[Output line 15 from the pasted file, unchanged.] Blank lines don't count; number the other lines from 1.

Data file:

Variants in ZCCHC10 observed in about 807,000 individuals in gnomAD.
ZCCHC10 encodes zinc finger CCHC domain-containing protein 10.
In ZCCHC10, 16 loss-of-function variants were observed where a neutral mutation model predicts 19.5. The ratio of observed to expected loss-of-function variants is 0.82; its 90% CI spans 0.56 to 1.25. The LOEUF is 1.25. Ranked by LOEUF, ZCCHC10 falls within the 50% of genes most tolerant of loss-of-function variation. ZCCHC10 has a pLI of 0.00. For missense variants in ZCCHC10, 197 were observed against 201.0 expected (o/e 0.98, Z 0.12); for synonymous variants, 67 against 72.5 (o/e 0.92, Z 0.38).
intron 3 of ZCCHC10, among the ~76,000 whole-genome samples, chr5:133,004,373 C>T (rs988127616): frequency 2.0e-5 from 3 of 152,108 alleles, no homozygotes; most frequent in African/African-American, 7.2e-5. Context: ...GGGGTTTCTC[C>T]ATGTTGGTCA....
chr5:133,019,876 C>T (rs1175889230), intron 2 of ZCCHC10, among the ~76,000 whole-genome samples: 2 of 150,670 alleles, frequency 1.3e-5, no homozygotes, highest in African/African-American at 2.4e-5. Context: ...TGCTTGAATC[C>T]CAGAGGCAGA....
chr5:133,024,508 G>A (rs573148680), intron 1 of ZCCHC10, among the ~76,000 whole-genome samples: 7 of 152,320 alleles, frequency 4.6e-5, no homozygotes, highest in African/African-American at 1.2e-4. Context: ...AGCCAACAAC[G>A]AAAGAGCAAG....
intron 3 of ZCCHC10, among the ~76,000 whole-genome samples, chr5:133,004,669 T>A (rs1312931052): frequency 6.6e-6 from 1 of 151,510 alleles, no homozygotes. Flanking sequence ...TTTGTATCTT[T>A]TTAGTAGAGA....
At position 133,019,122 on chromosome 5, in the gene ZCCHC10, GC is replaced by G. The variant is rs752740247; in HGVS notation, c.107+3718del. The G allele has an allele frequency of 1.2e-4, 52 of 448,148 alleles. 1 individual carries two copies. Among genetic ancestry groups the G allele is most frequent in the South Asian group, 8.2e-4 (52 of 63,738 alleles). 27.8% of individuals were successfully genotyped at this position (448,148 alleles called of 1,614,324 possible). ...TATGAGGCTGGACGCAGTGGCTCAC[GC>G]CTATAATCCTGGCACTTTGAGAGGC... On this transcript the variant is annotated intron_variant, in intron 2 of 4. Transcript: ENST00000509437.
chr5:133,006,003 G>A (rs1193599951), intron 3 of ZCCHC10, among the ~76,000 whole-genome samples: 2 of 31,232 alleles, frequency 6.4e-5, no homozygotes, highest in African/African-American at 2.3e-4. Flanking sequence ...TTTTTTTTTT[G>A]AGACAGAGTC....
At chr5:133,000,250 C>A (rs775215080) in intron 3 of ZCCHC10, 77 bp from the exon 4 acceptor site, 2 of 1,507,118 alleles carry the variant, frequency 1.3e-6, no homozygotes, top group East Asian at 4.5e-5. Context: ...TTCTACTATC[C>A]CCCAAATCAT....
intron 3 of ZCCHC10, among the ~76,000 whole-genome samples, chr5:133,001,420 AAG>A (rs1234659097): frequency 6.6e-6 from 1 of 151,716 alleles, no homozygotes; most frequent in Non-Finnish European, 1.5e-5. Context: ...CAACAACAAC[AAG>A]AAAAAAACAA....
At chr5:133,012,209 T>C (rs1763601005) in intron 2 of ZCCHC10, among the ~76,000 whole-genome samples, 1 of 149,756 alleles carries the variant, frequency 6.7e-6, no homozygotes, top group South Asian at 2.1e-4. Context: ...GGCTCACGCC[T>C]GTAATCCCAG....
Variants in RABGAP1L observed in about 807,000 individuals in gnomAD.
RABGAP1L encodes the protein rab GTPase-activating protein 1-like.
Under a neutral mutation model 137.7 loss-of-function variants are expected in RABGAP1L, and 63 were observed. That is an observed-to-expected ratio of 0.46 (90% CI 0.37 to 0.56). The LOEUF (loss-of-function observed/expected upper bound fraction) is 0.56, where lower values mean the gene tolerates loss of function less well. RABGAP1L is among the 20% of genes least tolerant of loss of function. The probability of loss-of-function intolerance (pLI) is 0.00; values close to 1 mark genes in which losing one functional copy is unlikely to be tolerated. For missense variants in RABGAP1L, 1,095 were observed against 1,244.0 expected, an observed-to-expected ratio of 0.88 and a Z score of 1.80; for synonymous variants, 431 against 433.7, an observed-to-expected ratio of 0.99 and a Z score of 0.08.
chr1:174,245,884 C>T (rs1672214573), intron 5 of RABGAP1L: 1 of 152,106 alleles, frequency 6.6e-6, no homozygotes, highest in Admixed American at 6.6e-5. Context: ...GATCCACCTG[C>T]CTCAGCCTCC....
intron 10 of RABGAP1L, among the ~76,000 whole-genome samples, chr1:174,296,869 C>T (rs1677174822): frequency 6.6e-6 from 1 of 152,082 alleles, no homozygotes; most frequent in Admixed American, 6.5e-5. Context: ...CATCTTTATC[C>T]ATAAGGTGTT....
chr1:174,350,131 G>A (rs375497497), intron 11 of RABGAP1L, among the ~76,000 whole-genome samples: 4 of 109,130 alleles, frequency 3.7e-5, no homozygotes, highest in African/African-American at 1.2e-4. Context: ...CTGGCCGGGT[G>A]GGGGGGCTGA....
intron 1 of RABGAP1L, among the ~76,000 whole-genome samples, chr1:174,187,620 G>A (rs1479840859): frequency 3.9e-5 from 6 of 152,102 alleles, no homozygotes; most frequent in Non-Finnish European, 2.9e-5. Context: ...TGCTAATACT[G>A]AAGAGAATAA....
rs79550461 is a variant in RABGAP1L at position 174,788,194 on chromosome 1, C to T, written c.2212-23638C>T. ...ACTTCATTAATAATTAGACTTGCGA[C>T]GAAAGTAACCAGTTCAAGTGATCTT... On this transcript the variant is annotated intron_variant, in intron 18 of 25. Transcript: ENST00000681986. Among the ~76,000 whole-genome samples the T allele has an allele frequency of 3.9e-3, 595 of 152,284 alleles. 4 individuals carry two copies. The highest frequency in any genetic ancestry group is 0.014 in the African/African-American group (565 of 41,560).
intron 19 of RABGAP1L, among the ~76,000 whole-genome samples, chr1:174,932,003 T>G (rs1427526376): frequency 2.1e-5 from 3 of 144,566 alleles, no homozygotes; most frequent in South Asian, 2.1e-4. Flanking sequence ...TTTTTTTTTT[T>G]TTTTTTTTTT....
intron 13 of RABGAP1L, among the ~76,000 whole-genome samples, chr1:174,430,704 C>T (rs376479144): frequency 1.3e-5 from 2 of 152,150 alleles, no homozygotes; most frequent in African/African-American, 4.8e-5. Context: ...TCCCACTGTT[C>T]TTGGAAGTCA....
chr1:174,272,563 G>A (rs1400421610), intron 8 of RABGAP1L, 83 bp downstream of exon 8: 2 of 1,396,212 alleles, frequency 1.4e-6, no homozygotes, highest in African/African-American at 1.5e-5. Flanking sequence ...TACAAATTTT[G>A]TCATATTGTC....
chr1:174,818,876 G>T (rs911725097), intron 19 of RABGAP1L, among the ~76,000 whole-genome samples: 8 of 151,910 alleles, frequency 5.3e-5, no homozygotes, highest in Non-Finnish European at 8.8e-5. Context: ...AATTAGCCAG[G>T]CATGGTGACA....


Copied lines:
Under a neutral mutation model 137.7 loss-of-function variants are expected in RABGAP1L, and 63 were observed. That is an observed-to-expected ratio of 0.46 (90% CI 0.37 to 0.56). The LOEUF (loss-of-function observed/expected upper bound fraction) is 0.56, where lower values mean the gene tolerates loss of function less well. RABGAP1L is among the 20% of genes least tolerant of loss of function. The probability of loss-of-function intolerance (pLI) is 0.00; values close to 1 mark genes in which losing one functional copy is unlikely to be tolerated. For missense variants in RABGAP1L, 1,095 were observed against 1,244.0 expected, an observed-to-expected ratio of 0.88 and a Z score of 1.80; for synonymous variants, 431 against 433.7, an observed-to-expected ratio of 0.99 and a Z score of 0.08.